|Stapled versus Ferguson hemorrhoidectomy: is there any evidence-based information
|Sgourakis G, Sotiropoulos G C, Dedemadi G, Radtke A, Papanikolaou I, Christofides T, Rink A D, Karaliotas C, Lang H
This review compared stapled haemorrhoidopexy with Ferguson haemorrhoidectomy and concluded that it offered comparable outcomes for a number of variables and better outcomes for operative time, pain score at 24 hours, urinary retention and wound healing. The small sample sizes, poor study quality and issues of generalisability suggest that these conclusions should be interpreted with caution.
To compare the outcomes of stapled haemorrhoidectomy (haemorrhoidopexy) versus Ferguson haemorrhoidectomy.
The Cochrane Library, MEDLINE and EMBASE were searched from 1998 to 2007 for English-language studies; search terms were reported. The reference lists of included articles were searched to identify additional articles.
Randomised controlled trials (RCTs) with at least eight weeks follow-up that compared stapled haemorrhoidopexy with Ferguson haemorrhoidectomy in patients with either third-degree, early fourth-degree or symptomatic second-degree haemorrhoids were eligible for inclusion if they reported safety or efficacy outcomes. Studies with inadequate sample sizes (not defined) were excluded.
Outcomes evaluated included pain scores, hospital stay, urinary retention, wound healing, bleeding and anal pathology; analyses were conducted on perioperative, short-term (up to four weeks) and one-year data. The mean age of patients in included studies was between 43.7 to 51 years (range 19 to 77 years). Where reported, most included patients (96 per cent) had third degree haemorrhoids.
It appeared that two reviewers independently selected studies for inclusion in the review, with disagreements resolved through consensus.
Assessment of study quality
Study quality was assessed using the 5-point Jadad scale, which assessed randomisation, blinding, withdrawals and dropouts. High-quality studies were defined as those that scored 3 or more.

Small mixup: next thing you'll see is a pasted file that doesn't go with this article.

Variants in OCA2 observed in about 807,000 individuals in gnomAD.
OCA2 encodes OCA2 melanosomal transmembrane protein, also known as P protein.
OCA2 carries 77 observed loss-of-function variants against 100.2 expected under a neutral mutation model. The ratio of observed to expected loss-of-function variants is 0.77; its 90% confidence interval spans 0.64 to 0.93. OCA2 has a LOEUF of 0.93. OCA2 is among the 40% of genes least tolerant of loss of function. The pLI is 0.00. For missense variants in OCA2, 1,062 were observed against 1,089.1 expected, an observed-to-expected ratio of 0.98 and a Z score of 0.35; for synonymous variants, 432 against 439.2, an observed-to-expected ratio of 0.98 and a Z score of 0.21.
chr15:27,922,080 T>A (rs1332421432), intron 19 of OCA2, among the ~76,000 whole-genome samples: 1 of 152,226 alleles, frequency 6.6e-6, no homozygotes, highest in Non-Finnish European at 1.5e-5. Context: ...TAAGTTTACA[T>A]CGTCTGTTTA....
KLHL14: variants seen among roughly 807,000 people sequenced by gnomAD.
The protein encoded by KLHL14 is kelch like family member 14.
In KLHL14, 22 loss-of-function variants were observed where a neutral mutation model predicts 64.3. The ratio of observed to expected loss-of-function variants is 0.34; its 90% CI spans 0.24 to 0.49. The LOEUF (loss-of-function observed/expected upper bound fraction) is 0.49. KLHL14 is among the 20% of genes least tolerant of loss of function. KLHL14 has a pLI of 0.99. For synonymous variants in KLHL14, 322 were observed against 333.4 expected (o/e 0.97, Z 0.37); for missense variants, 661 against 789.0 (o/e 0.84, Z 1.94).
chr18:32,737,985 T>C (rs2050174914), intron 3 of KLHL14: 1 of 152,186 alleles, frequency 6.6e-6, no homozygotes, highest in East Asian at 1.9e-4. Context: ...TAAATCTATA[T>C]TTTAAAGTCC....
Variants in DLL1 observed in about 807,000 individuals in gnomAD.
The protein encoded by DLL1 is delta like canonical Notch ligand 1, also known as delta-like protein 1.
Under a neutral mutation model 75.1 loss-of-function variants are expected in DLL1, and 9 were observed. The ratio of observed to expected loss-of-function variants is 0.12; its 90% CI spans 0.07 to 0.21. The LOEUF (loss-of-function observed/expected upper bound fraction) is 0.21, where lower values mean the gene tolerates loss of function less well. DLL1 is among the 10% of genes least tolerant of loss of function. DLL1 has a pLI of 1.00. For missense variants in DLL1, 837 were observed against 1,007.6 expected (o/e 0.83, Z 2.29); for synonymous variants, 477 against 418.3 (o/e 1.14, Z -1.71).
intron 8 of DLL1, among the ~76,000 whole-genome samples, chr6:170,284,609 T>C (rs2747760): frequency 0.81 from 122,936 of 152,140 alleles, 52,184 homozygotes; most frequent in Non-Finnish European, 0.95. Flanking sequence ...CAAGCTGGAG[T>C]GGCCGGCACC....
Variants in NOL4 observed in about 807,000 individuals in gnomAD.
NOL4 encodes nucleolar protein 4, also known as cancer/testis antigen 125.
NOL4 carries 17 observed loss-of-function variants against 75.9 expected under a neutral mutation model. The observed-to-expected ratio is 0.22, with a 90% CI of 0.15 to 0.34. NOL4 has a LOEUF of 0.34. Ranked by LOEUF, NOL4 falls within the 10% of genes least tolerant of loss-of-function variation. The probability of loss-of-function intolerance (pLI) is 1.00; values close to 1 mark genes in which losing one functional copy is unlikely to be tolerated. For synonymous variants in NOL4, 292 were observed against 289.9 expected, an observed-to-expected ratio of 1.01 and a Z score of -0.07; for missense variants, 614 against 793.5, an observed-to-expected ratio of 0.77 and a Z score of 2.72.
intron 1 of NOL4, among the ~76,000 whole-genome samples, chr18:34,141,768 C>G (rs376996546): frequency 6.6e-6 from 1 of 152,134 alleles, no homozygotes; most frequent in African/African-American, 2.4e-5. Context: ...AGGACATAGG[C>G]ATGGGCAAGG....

It appeared that two reviewers independently assessed study validity, with any disagreements resolved through consensus.
Data for dichotomous outcomes were extracted to calculate odds ratios (OR). Means and standard deviations were extracted for continuous outcomes. Two reviewers independently extracted data; discrepancies were resolved by consensus. Where necessary, authors were contacted for further information.
Methods of synthesis
Pooled odds ratios and weighted mean differences, and their 95% CI, were calculated using a fixed-effect model. A random-effects model was used if significant heterogeneity was present. Heterogeneity was assessed using the χ2 and I2 tests. Significant heterogeneity was defined as p≤0.05. Publication bias was assessed using the Egger's test and funnel plots.
Results of the review
Five RCTs (n=926, range 40 to 596) were included in the review. The duration of follow-up was at least one year in four studies and up to eight weeks in another. One study comprised patients with grade two and three haemorrhoid's, two studies patients with grade three haemorrhoid's and two more studies with grade three and four haemorrhoid's. The quality score was 3 in four studies and 2 in one study.